It’s undeniable that technology has changed the way designers approach a project, from how they shop to where they find inspiration and meet clients. The endless stream of digital marketplaces peddling every type of home good to consumers today also puts the pressure on designers to deliver solutions that stand out.
“I spend all my time with designers, and what I hear over and over is that they have more demands than ever, but less time on their hands,” says Sarah Liebel, chief revenue officer of 1stdibs. It’s a problem 1stdibs wants to solve. The 18-year-old brand has evolved beyond an e-commerce site into a robust, trusted and curated platform for designers to discover products, makers and dealers.
“We fundamentally believe that designers are the only people who can sell and continue the growth and support of the high-end design industry,” says Liebel. We caught up with her—as well as frequent designer clients Sara Story and Shawn Henderson—to find out how 1stdibs keeps its 50,000-plus trade members top of mind.
It’s Google for designers.
Like everyone’s favorite search engine, 1stdibs excels at high-intent-based search. But there’s a key distinction: curation. Type “Hans Wegner Papa Bear Chair” into Google, and you’ll get about 160,000 results. Put the same query into 1stdibs, and you’ll get around 60 results. “Your decision set is much more narrowed on 1stdibs—and that’s intentional,” says Liebel.
The platform has filters built specifically for designers so that you can easily see a product’s condition, dimensions and origin, as well as customizability and net price. “Even if you don’t have a specific fabricator, but know you want Swedish lighting from 1930s, it gives you exposure to the whole world,” says Los Angeles–based designer Sara Story. “You can find all these vendors and what they’re carrying without having to call individual dealers or travel.”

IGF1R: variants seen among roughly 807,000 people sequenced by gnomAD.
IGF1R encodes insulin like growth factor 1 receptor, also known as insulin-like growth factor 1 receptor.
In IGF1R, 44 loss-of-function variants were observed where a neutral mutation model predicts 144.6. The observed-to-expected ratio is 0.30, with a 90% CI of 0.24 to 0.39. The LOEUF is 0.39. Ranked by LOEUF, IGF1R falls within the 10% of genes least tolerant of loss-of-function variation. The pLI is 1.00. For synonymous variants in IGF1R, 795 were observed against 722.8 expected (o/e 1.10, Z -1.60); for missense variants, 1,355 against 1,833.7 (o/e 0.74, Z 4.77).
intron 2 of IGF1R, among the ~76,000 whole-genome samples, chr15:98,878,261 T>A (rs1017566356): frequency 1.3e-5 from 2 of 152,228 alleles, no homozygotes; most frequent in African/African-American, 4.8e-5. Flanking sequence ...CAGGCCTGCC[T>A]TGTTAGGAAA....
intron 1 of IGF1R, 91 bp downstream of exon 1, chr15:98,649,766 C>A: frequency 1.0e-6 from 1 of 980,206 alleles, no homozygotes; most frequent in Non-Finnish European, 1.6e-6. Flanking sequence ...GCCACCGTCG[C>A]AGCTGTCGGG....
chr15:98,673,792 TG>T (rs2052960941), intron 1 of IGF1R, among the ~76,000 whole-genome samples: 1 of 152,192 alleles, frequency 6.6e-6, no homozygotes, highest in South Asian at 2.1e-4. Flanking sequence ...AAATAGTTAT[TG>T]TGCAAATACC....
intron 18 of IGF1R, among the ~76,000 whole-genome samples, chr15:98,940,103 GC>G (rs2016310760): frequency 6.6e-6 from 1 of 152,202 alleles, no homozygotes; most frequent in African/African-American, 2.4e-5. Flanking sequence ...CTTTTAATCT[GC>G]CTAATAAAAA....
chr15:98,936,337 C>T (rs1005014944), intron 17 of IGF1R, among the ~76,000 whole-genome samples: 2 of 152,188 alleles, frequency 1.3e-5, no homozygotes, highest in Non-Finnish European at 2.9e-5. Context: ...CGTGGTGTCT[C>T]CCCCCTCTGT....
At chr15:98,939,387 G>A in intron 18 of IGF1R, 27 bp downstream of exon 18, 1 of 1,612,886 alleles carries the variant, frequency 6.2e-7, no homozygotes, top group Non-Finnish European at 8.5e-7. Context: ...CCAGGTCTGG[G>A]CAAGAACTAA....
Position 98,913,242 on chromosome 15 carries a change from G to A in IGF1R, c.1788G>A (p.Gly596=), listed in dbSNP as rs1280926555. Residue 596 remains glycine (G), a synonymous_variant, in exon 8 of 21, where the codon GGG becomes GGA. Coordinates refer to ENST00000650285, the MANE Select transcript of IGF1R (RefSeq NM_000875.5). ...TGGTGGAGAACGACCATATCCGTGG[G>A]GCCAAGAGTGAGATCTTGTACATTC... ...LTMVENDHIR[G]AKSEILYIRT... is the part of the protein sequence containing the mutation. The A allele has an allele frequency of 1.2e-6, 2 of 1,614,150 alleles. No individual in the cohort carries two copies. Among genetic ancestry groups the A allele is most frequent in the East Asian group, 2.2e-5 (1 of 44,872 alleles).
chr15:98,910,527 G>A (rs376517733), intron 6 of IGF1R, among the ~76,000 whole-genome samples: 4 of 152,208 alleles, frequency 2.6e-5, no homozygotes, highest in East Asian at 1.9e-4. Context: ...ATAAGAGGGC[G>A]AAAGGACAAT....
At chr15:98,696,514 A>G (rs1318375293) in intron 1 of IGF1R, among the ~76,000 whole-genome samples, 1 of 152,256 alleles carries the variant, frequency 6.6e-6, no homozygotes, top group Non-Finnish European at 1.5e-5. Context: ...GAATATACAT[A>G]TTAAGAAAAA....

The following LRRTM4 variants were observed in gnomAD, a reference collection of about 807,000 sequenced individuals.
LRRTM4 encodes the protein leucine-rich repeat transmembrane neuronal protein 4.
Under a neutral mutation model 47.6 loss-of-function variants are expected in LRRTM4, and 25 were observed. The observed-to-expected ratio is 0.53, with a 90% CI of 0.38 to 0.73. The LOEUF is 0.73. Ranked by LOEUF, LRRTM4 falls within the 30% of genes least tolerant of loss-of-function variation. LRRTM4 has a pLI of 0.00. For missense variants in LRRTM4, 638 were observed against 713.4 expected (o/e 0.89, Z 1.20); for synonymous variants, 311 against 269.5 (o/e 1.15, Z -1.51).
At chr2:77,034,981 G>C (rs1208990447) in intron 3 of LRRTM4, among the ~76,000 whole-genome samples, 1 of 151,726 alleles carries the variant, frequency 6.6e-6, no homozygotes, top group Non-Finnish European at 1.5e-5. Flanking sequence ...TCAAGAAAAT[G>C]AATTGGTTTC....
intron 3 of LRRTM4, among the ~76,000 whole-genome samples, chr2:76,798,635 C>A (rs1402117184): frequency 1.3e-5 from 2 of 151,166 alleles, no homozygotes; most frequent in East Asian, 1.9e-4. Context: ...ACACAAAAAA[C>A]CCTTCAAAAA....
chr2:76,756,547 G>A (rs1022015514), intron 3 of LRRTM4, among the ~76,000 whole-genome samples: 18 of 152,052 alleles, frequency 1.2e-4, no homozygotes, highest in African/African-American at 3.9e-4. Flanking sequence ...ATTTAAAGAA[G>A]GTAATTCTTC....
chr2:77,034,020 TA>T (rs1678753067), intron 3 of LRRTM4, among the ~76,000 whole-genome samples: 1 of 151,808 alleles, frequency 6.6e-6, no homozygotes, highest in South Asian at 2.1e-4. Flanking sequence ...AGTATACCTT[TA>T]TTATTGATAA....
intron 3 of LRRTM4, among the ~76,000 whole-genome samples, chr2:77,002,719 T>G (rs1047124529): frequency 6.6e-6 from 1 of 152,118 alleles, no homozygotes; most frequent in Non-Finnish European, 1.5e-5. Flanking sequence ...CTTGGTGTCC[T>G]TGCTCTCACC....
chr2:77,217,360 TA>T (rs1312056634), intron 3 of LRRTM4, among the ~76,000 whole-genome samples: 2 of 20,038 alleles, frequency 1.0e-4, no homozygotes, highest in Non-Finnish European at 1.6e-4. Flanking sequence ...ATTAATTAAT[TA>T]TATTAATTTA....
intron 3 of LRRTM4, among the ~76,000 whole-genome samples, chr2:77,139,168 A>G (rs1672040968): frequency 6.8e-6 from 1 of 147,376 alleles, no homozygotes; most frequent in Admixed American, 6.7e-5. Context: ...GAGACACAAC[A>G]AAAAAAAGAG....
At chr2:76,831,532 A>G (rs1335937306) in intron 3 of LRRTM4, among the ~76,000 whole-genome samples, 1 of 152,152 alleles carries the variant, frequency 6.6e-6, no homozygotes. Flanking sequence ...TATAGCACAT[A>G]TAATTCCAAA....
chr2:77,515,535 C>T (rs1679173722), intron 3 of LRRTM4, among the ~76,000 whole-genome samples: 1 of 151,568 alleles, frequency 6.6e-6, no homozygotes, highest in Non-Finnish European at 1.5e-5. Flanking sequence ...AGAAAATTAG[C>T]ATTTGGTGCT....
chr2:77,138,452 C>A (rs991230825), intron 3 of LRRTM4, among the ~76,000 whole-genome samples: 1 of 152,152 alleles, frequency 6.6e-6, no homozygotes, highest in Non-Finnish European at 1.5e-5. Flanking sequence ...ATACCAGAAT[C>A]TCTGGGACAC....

You’ll find vetted contemporary designs alongside the antiques.
1stdibs started selling custom and contemporary designers three years ago, as a direct response to requests from the trade. Today, the site has more than 800,000 pieces from contemporary, antique and vintage sellers—including renowned contemporary brands like Vitra, Flos and Azucena, as well as independent designers like Bec Brittain, Rosie Li and Christopher Boots. “A lot of the contemporary designers are really young, so it’s fantastic to see the work they’re doing,” says Story. “You can learn about a contemporary lighting designer out of Korea, or a young designer from L.A., or a ceramicist out of Japan.”
Every single piece is vetted by 1stdibs: The company has a team that travels far and wide to authenticate sellers and discover emerging designers. “Our bread and butter is vintage and antiques, and we have industry-renowned names such as Wyeth, Bernd Goeckler and Lost City Arts. We’ve expanded that same level of curation to become the tastemakers picking new, up-and-coming designers,” says Liebel. “We believe we have the most beautiful things on earth.”
It’s ridiculously convenient.
Ask any designer why they use 1stdibs, and the first thing they’ll likely say is that it’s easy. “It’s the sheer convenience of having everything at your fingertips and not having to run around and do the physical shopping,” says New York–based interior designer Shawn Henderson, who began his career when you had to fax detailed descriptions and dimensions to dealers to find products. “1stdibs has streamlined our process tremendously,” he adds. “They do a lot of heavy lifting for us when it comes to international shopping.”